Akbar: Less People Come For Cancer Checks
Less people are turning up at health facilities for medical checks, the Minister for health and Medical Services, Rosy Akbar, has said.
“We have been treating childhood cancers in Fiji for the last 30 years. During the early years we have been having poor outcomes mainly due to the late presentations to hospital, lack of good diagnostic and treatment facilities and lack of family support resulting in repeated treatments or default in treatment,” Ms Akbar said during the “Pacific Island Child Cancer Regional Conference” Walk on Walk Strong two-day conference on Wednesday at the Novotel Hotel in Nadi.
“In order to assist in improving survival rates the early and accurate diagnosis is very important followed by timely and effective treatment. We all need to work together to make this happen.”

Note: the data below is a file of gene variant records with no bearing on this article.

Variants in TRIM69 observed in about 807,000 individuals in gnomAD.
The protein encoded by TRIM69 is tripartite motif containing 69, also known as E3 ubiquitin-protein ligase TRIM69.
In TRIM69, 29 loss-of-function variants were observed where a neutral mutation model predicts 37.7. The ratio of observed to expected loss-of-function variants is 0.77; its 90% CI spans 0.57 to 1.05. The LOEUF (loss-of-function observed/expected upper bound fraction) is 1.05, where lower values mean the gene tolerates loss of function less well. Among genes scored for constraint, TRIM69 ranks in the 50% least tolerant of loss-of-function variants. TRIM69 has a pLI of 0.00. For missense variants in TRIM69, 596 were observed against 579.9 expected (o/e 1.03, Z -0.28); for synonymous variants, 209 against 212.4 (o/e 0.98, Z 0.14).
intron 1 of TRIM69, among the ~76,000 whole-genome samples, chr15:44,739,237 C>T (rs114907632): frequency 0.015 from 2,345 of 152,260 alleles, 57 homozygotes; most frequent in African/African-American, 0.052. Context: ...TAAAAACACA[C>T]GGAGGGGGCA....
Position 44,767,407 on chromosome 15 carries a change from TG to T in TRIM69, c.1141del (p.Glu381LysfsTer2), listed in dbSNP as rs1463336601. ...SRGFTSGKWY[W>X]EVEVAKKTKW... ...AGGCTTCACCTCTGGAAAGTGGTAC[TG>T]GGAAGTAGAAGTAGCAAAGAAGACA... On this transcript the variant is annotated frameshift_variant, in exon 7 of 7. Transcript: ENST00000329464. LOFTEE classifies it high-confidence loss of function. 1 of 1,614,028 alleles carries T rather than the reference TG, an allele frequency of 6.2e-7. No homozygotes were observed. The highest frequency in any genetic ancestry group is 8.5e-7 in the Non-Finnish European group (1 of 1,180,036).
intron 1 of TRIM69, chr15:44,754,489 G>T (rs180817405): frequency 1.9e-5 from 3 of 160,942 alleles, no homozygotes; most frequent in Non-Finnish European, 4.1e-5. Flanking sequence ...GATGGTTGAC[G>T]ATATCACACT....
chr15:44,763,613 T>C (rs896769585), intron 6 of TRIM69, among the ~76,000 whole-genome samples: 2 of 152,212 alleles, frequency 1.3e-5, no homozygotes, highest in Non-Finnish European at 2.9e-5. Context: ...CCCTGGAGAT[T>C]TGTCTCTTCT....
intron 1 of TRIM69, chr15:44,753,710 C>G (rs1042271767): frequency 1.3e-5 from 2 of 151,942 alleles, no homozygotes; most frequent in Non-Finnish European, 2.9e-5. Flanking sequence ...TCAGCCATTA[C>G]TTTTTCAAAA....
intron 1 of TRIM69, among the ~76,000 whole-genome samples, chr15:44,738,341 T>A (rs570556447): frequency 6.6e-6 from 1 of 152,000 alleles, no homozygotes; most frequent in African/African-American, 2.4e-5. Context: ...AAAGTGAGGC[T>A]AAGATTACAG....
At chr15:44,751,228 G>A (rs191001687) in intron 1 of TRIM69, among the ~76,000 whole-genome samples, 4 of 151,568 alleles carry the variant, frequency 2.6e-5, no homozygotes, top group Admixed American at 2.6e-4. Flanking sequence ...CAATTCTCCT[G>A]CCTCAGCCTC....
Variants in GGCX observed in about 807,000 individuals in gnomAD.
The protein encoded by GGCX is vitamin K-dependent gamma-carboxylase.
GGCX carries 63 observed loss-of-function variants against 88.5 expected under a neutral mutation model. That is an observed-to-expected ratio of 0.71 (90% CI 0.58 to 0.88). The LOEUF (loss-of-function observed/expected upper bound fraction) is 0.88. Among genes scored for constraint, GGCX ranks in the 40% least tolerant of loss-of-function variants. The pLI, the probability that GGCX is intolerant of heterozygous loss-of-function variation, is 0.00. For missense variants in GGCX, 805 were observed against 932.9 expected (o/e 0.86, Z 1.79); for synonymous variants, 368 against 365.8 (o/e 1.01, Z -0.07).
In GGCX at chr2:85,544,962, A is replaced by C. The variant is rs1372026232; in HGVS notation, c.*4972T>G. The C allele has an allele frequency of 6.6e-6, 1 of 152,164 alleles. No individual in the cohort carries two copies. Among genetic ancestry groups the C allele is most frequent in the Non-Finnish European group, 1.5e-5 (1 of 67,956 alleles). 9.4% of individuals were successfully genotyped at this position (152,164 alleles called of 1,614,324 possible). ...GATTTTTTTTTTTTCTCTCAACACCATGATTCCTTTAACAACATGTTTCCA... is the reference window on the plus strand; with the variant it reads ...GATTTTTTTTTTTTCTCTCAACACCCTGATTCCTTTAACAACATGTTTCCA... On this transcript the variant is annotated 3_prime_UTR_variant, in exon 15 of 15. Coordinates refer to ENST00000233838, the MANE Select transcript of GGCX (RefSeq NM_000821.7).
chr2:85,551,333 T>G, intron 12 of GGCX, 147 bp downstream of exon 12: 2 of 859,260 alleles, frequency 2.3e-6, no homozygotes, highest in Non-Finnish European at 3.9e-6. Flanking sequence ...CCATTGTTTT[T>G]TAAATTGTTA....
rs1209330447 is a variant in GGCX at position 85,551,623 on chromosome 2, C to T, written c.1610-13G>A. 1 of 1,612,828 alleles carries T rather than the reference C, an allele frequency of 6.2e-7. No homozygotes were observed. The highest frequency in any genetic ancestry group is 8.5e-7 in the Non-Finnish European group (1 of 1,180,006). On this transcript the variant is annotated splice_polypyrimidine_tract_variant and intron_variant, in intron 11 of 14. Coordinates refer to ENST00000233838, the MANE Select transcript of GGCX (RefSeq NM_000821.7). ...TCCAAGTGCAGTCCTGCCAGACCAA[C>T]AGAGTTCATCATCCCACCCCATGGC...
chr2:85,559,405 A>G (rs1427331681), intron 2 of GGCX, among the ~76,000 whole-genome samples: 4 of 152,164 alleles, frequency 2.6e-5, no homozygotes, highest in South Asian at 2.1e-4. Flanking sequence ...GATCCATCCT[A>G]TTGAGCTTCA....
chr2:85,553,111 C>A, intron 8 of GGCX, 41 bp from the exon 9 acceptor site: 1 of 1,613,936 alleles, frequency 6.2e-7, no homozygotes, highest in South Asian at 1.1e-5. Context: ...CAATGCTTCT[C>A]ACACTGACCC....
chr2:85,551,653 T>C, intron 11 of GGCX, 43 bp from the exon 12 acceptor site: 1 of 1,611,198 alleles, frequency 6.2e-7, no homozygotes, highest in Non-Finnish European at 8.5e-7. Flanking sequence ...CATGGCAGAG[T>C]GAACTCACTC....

In all cancers that are found in humans in the world, about one per cent is present in children, she said.
This equates to about 175,000 children of less than 15 years of age developing cancer annually.
“With the development of advance technology to diagnose and treat childhood cancers, 80-90% of the common ones like Leukemia [cancer of the blood], Lymphoma [cancer of the Lymph Nodes] and Wilm’s Tumor [cancer of the kidney] are cured,” she said.
Workshop organisers, New Zealand National Child Cancer Network, plans to review everything they have done so far.
New Zealand national clinical leader, Scott Macfarlane, said: “The National Child Cancer Network has been working for eight years now with its colleague in the Pacific to try and improve the availability of treatment for children with cancer in the Pacific.”
Edited by Naisa Koroi